For instance, it’s common to see people sleeping on the train. In many cases, people also fake a nap in order to close their eyes and exist in their own personal space for a while. As an additional level of personal space, books
are commonly sold with paper covers in Japan so that nobody can see what you’re reading.
4) The Japanese have no individuality.
It is often thought by foreigners that the Japanese lack individuality, as in not expressing their own personal voice and critical thought. Though totally untrue, this perception has much to do with the Japanese mask that is
worn by all – a false face worn as a result of a long history of living within a violent feudal society. In fact, though hidden, obviously every Japanese person has their own thoughts, desires and emotions. Yes, it is true
that the concept of “wa” or group harmony is an overriding factor in all relationships within Japan – family and friends, work and business or public. In this way Japanese society fosters peaceful unity and apparent conformity
within a group, but privately every individual is of course different.
The Japanese have a specific concept for this hidden individuality – the “ura of the ura” (the inside of the inside). It is because they withhold their thoughts and emotions that each Japanese person lives with a certain sense
of crisis in his/her relations with the outer world. Highly respected psychiatrist Takeo Doi (1920–2009), in his explorations of the Japanese personality, states that to live amid elaborate concealments is a normal, healthy
thing. Doi saw no tension between the security of belonging, which is undeniable among the Japanese, and the individual desire to break free of the group – which, though traditionally unacknowledged, is also undeniable. ‘The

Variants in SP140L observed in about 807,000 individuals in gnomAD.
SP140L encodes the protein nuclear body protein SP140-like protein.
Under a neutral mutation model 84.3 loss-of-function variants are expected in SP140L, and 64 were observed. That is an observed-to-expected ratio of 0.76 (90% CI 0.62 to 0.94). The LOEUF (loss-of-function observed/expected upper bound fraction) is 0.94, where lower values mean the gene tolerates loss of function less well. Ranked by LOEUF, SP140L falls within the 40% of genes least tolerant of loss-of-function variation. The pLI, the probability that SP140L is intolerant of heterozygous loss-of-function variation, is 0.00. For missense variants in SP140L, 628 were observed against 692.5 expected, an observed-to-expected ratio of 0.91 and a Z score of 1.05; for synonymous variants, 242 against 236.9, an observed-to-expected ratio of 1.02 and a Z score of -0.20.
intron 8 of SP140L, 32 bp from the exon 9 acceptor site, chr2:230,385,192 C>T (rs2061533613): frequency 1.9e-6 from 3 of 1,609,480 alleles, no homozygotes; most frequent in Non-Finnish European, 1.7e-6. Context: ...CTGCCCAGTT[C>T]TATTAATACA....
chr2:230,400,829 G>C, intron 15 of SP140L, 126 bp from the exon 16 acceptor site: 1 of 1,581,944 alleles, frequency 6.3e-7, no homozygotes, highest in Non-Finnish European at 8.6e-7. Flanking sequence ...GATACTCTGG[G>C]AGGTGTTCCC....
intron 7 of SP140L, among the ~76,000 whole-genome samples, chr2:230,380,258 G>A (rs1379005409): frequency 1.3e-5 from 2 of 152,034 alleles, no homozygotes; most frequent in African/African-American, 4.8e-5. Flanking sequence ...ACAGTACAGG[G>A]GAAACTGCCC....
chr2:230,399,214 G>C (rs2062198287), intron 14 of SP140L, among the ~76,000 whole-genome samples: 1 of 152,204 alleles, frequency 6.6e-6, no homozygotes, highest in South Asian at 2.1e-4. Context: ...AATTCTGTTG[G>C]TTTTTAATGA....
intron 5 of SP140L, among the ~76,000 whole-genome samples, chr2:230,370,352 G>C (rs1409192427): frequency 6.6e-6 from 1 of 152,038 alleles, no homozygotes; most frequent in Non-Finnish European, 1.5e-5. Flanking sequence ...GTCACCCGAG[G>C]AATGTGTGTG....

ideal condition of the mind from which mental health derives’, Doi wrote in 1985, ‘is one in which we can feel comfortable having secrets’. In fact, maintaining their “ura of the ura” or secrets gives each Japanese person a
unique personal space that shields them from the turmoil of outside influences. Guarded in privacy (because of the inner self), Japanese individuality lives and it is through this that everyone celebrates their own distinct
5) The Japanese are very different.
There has always been a sense of the need to define the “Japaneseness” that outsiders often find in Japan and its people — this need to prove to everyone that the Japanese are “uniquely unique” among cultures, obsessed with proving
to themselves how different they are to the rest. The masks of the Japanese are masks of sameness. By wearing them, the Japanese signify to themselves that there are no differences among them, and that having no differences
is part of what it means to be Japanese and to be strong.
Like all people the Japanese experience the whole spectrum of human emotions, but history taught them that concealment was the much safer option for survival in a highly hierarchical and harsh feudal system. In this sense the
Japanese are the same as other cultures. Individually there are more affinities than differences. If there is a difference it is that the Japanese appreciate far more than many other cultures that the strength of the collective
depends upon the adherence to that collective — be it a clan, a company or a community. However, the more one examines “Japaneseness” the more one finds that the differences are purely culturally based and that the Japanese
are people struggling like all others to cope with a full range of human emotions in a complex and changing world.
© Kiyoshi Matsumoto, 2023, Sydney, All Rights Reserved